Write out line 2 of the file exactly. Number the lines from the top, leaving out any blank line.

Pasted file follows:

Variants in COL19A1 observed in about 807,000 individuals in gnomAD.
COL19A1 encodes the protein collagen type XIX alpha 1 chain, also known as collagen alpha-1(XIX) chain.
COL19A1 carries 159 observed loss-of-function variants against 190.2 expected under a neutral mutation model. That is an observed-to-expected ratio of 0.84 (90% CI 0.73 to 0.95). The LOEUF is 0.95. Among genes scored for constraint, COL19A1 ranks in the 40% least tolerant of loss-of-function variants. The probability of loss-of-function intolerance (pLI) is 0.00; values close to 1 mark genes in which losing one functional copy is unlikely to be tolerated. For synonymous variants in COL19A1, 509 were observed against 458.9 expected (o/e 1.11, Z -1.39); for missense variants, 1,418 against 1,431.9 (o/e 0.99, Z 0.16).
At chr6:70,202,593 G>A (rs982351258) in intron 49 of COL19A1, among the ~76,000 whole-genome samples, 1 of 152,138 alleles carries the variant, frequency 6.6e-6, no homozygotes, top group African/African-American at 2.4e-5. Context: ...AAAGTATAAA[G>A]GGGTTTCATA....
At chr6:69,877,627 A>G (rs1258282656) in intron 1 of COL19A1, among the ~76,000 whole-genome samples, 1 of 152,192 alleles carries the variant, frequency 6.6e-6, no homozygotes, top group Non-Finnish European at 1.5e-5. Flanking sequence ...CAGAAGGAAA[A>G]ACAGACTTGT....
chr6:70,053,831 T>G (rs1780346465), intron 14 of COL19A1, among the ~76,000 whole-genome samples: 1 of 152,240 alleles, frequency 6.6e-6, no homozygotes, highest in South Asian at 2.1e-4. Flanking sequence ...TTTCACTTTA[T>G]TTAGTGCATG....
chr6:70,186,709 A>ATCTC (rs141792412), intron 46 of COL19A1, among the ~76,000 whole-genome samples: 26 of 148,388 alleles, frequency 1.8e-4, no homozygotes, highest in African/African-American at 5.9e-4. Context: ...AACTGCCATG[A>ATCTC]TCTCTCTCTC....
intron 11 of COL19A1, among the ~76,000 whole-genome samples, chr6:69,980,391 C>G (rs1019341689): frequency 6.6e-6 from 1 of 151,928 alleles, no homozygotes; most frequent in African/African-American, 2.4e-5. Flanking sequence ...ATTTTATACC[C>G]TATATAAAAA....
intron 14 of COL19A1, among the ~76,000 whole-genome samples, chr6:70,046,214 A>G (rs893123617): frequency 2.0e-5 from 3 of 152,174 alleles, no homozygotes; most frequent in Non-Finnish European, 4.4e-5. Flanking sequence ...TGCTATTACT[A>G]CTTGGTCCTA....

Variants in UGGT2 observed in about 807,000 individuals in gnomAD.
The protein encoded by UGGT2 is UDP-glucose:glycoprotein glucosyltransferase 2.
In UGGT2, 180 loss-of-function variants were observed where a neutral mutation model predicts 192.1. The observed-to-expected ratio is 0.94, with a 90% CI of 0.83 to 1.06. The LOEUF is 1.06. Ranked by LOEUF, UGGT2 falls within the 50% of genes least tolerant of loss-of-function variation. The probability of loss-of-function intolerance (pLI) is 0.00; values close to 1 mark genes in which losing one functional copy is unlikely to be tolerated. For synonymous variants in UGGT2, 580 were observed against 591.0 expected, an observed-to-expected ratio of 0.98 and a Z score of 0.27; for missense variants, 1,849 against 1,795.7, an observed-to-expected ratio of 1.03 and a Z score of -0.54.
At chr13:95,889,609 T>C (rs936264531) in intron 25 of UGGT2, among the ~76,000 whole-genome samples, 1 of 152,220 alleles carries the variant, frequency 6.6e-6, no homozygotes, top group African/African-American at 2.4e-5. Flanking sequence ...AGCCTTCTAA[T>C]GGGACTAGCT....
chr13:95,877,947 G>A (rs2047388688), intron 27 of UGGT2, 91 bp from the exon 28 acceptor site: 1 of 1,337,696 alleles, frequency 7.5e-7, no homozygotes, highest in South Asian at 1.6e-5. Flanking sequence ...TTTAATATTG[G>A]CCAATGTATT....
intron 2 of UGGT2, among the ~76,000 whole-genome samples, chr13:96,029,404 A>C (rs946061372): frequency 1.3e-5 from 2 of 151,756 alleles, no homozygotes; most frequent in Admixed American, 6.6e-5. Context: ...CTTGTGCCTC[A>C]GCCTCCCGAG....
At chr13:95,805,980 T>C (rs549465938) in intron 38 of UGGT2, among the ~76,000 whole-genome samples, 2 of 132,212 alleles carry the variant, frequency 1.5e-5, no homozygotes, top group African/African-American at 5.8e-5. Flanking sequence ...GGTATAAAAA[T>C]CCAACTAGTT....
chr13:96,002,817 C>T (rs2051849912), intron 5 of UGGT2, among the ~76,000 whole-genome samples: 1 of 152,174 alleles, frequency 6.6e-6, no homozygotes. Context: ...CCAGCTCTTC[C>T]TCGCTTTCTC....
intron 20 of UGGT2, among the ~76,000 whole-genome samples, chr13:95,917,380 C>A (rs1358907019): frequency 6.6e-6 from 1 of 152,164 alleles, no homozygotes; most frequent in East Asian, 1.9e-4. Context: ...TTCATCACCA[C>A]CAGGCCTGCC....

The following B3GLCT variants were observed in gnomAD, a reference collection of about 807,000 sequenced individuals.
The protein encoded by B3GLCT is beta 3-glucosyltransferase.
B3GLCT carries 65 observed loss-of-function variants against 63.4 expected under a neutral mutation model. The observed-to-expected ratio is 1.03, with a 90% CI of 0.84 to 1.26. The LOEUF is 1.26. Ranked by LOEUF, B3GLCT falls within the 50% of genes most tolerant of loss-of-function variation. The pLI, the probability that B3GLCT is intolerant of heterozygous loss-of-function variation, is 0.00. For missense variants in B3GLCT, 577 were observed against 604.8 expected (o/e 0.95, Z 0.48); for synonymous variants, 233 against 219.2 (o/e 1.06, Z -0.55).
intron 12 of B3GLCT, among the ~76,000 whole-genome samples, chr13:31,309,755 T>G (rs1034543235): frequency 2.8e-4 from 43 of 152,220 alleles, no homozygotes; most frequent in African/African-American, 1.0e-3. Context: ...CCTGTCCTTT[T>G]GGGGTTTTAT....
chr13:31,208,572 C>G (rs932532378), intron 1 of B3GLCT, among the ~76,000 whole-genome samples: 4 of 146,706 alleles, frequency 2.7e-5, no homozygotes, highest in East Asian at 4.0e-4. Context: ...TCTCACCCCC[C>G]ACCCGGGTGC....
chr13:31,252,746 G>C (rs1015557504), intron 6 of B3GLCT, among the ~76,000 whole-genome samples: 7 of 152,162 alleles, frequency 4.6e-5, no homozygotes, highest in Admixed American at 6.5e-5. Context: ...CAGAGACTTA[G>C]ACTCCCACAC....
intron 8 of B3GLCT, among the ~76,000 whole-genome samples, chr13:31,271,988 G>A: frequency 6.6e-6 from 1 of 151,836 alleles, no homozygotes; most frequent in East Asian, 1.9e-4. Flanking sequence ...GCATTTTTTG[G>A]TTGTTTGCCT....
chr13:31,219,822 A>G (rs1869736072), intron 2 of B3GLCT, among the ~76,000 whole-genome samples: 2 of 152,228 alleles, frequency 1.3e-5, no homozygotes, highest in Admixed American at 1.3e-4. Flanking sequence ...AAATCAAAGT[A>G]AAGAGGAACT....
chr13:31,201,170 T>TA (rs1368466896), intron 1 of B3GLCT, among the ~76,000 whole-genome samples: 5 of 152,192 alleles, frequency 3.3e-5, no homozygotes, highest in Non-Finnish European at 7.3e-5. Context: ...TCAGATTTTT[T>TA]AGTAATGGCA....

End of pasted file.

COL19A1 encodes the protein collagen type XIX alpha 1 chain, also known as collagen alpha-1(XIX) chain.